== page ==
Friday evening I finally made it back to Cigar Mojo in King of Prussia, PA for a Cornelius and Anthony event where I finally met Steven Bailey, the owner of the company. I’ve been pretty high on this newer brand for the better part of a year now, with the Cornelius toro making an appearance on my end of year memorable cigars list, and will be the subject of my Cigar Notes feature in the May/June issue of Prime Living Magazine (due on Texas newstands in May). I learned a few things about Steven, who has a successful cigarette company which basically bankrolls the premium cigar start-up. Steven has experience with the FDA, having one of two cigarette brands that has been approved by the FDA, out of something like 12,000 applications. He has the experience (and the financial wherewithal) to keep his four excellent lines on the market. Of the four lines, I like the Cornelius the best, with the Meridian a close second, with the Daddy Mac close behind. I haven’t smoked enough of the Venganza to make a good judgement yet. The Cornelius is made at El Titan de Bronze in Miami with the other three coming from Eric Espinosa’s La Zona factory in Esteli. As I sat chatting with Steven, Todd Vance and Jose Galvez (Steven’s faithful minions), I smoked a Meridian toro, which I liked better than the robusto, and I liked the robusto a lot. In the toro I think the strength was tempered a little, and there was an interesting cinnamon note midway through. I think buying a box of these is in my future. It was a great time at Mojo, great cigars, and very happy to meet Steven and his crew. Cornelius and Anthony is a brand to watch, and is high on my list.
Yesterday I smoked a little Avo Syncro robusto since Avo Uvezian passed away on Friday at the age of 91. I never had the pleasure of meting Avo, but many people I know knew him and spoke highly of him. The Avo line (not unlike many of the La Aurora cigars) doesn’t line up with my particular tastes all the time, but he’s certainly left a legacy with many fans of his cigars. I do like the Syncro, perhaps the Nicaraguan component works better for my palate than the Dominican. Not only did Avo lend his name to cigars, but he also wrote “Strangers in the Night” for Sinatra and was obviously an accomplished musician. I never shook the man’s hand, but he was beloved by many, another cigar industry icon has left us (at an advanced age if that says anything).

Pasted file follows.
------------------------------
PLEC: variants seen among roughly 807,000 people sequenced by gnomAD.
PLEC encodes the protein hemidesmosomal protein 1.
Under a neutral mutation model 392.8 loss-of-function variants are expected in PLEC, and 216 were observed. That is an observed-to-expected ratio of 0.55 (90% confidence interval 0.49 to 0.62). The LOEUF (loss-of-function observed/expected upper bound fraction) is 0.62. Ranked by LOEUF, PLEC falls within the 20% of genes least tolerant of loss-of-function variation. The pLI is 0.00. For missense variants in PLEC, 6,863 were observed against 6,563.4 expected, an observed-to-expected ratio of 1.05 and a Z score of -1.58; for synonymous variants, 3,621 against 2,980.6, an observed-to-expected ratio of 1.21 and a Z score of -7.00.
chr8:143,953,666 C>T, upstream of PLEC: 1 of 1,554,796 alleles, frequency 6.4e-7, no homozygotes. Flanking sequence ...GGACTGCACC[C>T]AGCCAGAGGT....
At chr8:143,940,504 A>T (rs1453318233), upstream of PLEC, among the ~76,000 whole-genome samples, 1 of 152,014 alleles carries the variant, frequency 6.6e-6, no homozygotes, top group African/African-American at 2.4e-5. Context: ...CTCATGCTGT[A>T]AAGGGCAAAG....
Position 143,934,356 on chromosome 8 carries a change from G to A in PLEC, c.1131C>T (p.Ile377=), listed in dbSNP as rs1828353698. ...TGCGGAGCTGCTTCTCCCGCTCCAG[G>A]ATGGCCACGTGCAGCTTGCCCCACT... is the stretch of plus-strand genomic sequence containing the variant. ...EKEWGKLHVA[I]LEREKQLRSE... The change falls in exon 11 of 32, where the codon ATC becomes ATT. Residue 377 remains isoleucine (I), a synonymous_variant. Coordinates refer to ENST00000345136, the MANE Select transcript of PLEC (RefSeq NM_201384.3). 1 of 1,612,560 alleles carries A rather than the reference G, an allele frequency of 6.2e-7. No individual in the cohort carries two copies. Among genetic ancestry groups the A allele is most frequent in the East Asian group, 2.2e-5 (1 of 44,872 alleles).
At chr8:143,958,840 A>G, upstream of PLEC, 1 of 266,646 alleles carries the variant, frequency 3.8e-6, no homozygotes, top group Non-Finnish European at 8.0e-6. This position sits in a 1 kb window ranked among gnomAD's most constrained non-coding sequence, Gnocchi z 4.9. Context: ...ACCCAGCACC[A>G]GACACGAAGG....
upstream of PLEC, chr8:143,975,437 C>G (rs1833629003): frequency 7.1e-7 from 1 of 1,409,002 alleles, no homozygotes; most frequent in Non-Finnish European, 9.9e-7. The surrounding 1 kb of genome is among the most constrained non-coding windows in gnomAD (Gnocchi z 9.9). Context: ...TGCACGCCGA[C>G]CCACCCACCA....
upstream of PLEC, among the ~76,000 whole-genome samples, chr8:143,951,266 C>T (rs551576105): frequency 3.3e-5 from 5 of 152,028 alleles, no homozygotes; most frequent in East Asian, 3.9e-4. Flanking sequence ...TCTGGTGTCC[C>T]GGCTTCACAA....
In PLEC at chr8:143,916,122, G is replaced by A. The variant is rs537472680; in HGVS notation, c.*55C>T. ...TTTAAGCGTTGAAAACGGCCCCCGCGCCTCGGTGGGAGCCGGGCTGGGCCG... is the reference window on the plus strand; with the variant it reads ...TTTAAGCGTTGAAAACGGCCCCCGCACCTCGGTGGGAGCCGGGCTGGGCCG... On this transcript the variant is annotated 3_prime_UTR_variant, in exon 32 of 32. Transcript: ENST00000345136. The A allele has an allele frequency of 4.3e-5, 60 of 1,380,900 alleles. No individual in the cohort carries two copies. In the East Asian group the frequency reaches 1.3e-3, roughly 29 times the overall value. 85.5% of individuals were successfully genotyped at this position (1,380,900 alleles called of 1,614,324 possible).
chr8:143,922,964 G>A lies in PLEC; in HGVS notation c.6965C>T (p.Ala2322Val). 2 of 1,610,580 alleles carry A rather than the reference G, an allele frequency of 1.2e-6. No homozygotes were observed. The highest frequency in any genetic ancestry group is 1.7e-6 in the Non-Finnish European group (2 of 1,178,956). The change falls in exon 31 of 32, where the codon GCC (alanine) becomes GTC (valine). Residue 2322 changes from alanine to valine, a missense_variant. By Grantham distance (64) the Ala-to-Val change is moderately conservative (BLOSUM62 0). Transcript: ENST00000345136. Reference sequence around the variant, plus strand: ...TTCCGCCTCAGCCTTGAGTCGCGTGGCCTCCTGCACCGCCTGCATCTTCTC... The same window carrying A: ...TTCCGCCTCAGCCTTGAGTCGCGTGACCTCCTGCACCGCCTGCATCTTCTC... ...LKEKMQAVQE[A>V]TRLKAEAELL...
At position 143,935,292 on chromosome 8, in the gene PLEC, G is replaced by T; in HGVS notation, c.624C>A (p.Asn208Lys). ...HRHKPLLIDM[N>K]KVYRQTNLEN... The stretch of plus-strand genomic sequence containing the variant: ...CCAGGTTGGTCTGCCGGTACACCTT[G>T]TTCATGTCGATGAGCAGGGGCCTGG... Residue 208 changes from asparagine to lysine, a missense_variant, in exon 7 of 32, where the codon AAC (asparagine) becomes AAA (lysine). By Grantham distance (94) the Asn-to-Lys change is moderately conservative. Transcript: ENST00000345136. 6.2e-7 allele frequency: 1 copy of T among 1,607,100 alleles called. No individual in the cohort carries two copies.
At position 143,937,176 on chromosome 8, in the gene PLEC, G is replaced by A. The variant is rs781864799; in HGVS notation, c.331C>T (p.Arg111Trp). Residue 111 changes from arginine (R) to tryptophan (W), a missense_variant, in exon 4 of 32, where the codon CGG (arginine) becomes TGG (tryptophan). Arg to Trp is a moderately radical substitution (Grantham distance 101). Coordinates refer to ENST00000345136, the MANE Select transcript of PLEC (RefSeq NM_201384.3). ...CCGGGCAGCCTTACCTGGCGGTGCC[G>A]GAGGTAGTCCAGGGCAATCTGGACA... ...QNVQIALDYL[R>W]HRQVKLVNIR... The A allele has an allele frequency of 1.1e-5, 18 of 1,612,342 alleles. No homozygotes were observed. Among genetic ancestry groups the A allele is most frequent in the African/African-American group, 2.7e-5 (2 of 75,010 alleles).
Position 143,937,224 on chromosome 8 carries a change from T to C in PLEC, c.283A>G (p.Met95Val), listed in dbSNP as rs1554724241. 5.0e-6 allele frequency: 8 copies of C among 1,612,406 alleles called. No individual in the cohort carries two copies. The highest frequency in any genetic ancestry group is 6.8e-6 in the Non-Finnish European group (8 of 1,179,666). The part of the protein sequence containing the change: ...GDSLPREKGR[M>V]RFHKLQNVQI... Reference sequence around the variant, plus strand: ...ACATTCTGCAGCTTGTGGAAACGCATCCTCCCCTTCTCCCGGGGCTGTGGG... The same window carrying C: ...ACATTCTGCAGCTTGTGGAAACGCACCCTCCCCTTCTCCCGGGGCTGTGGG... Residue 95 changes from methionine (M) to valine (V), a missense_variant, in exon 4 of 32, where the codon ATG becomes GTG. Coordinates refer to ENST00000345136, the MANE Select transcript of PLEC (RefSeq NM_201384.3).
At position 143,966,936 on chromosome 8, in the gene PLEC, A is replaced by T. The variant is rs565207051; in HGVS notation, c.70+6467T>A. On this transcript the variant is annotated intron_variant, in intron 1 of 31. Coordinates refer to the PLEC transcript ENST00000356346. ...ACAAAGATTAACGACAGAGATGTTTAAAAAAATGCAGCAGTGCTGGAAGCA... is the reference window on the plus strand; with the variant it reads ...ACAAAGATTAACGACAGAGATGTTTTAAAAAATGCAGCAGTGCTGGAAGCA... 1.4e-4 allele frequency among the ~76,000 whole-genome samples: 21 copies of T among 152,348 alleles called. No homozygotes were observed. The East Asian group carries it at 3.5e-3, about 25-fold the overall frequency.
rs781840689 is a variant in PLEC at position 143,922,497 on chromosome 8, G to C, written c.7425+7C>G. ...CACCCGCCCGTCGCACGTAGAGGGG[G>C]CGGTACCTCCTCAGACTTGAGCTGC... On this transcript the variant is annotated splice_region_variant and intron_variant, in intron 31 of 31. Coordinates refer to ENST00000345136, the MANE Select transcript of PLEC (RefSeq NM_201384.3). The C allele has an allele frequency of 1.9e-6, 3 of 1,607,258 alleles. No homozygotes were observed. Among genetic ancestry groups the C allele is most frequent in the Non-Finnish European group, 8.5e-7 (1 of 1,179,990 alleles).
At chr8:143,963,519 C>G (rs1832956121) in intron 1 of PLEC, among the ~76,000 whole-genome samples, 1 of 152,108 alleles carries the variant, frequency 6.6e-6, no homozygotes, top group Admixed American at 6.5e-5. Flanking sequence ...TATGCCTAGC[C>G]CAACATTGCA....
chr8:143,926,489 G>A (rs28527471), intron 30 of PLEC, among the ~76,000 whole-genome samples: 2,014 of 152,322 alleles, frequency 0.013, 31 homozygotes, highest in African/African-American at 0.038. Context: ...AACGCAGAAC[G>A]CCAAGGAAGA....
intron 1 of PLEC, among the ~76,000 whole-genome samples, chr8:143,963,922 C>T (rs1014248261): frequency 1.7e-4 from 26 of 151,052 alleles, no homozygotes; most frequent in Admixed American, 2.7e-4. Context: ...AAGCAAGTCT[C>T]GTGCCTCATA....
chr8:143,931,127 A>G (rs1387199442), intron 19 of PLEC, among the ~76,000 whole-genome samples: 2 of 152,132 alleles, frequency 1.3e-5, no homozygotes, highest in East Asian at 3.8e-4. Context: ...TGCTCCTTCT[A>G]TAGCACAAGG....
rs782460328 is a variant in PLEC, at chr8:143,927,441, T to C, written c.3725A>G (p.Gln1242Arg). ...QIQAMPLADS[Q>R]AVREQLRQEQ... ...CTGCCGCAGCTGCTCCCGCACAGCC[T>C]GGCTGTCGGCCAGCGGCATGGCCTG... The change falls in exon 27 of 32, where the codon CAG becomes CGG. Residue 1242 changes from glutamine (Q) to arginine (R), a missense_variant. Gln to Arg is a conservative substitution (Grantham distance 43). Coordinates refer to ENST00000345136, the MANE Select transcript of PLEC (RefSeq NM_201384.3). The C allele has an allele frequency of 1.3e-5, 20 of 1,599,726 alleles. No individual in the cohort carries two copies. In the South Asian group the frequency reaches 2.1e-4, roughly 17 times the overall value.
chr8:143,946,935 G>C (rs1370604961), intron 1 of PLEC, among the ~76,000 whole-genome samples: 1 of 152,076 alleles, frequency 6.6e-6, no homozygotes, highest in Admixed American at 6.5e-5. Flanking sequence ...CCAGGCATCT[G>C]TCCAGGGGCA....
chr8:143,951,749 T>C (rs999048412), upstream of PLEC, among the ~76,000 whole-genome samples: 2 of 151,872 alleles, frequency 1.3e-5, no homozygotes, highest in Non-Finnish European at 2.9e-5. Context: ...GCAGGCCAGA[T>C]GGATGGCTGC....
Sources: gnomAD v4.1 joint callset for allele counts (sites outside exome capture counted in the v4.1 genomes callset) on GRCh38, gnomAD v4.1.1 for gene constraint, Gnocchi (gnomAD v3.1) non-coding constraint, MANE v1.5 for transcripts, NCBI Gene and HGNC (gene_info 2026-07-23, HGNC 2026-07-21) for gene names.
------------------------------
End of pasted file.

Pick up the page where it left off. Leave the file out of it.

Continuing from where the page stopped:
Last night I finally got around to smoking a CAO Amazon Basin. I recently picked up the last one in a box at a local shop, and this is from the second generation of the line I would think. These got rave reviews, it’s certainly unique in its presentation, with a band made from what I guess to be twisted tobacco coiled around the cigar. CAO is another brand that I really love a couple of their lines and other’s are just “eh”, sadly this one fell into the second category. Give me any Flathead over this any day of the week. Not that it was a bad cigar, although it took a bit of coaxing with the lighter to get lit right, then tunneled a little on my at the midpoint. I didn’t find it to be spectacular, although the last third was getting there and by the time I peeled off the band it was pretty hard to put down. Not sure if I got a flukey one or it need more time in the humidor or what. I am an optimist when it comes to cigars, and it takes a lot for me to give up on a cigar, usually seeing it through to the end, with worked in this case, because the cigar redeemed itself, but it’s sometimes tough to poser through when a cigar starts out questionably. CAO’s Rick Rodriguez was in the area Friday night at another of my favorite shops, sadly I missed him this time around.
That’s all for today, don’t forget to enter the contest! Until the next time,